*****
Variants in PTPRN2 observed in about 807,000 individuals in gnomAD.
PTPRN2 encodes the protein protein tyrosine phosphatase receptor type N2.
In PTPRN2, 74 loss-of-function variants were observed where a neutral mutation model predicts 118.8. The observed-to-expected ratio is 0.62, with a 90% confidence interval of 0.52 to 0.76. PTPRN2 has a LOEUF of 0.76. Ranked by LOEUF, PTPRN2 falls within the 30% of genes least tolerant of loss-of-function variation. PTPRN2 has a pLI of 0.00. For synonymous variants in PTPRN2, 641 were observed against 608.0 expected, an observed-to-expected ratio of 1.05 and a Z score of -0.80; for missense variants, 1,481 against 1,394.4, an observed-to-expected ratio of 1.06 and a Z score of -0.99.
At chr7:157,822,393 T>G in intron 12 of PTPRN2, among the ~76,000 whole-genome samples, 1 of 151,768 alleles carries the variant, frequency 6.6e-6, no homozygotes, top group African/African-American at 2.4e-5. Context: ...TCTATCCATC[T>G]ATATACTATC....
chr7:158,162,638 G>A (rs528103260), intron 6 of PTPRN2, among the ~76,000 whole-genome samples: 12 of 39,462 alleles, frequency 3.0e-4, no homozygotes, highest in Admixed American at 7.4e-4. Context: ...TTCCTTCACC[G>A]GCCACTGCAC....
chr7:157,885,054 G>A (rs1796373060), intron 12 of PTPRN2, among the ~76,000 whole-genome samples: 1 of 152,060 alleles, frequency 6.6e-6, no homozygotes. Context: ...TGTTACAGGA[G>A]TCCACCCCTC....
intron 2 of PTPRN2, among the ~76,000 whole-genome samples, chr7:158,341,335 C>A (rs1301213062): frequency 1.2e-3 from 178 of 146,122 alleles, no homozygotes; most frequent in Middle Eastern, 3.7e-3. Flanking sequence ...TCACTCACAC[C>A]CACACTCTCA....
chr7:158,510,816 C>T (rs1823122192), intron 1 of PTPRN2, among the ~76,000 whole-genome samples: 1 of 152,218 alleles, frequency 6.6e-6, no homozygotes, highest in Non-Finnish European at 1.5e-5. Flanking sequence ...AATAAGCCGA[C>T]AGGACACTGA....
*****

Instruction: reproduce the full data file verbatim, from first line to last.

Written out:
Variants in PTPRN2 observed in about 807,000 individuals in gnomAD.
PTPRN2 encodes the protein protein tyrosine phosphatase receptor type N2.
In PTPRN2, 74 loss-of-function variants were observed where a neutral mutation model predicts 118.8. The observed-to-expected ratio is 0.62, with a 90% confidence interval of 0.52 to 0.76. PTPRN2 has a LOEUF of 0.76. Ranked by LOEUF, PTPRN2 falls within the 30% of genes least tolerant of loss-of-function variation. PTPRN2 has a pLI of 0.00. For synonymous variants in PTPRN2, 641 were observed against 608.0 expected, an observed-to-expected ratio of 1.05 and a Z score of -0.80; for missense variants, 1,481 against 1,394.4, an observed-to-expected ratio of 1.06 and a Z score of -0.99.
At chr7:157,822,393 T>G in intron 12 of PTPRN2, among the ~76,000 whole-genome samples, 1 of 151,768 alleles carries the variant, frequency 6.6e-6, no homozygotes, top group African/African-American at 2.4e-5. Context: ...TCTATCCATC[T>G]ATATACTATC....
chr7:158,162,638 G>A (rs528103260), intron 6 of PTPRN2, among the ~76,000 whole-genome samples: 12 of 39,462 alleles, frequency 3.0e-4, no homozygotes, highest in Admixed American at 7.4e-4. Context: ...TTCCTTCACC[G>A]GCCACTGCAC....
chr7:157,885,054 G>A (rs1796373060), intron 12 of PTPRN2, among the ~76,000 whole-genome samples: 1 of 152,060 alleles, frequency 6.6e-6, no homozygotes. Context: ...TGTTACAGGA[G>A]TCCACCCCTC....
intron 2 of PTPRN2, among the ~76,000 whole-genome samples, chr7:158,341,335 C>A (rs1301213062): frequency 1.2e-3 from 178 of 146,122 alleles, no homozygotes; most frequent in Middle Eastern, 3.7e-3. Flanking sequence ...TCACTCACAC[C>A]CACACTCTCA....
chr7:158,510,816 C>T (rs1823122192), intron 1 of PTPRN2, among the ~76,000 whole-genome samples: 1 of 152,218 alleles, frequency 6.6e-6, no homozygotes, highest in Non-Finnish European at 1.5e-5. Flanking sequence ...AATAAGCCGA[C>T]AGGACACTGA....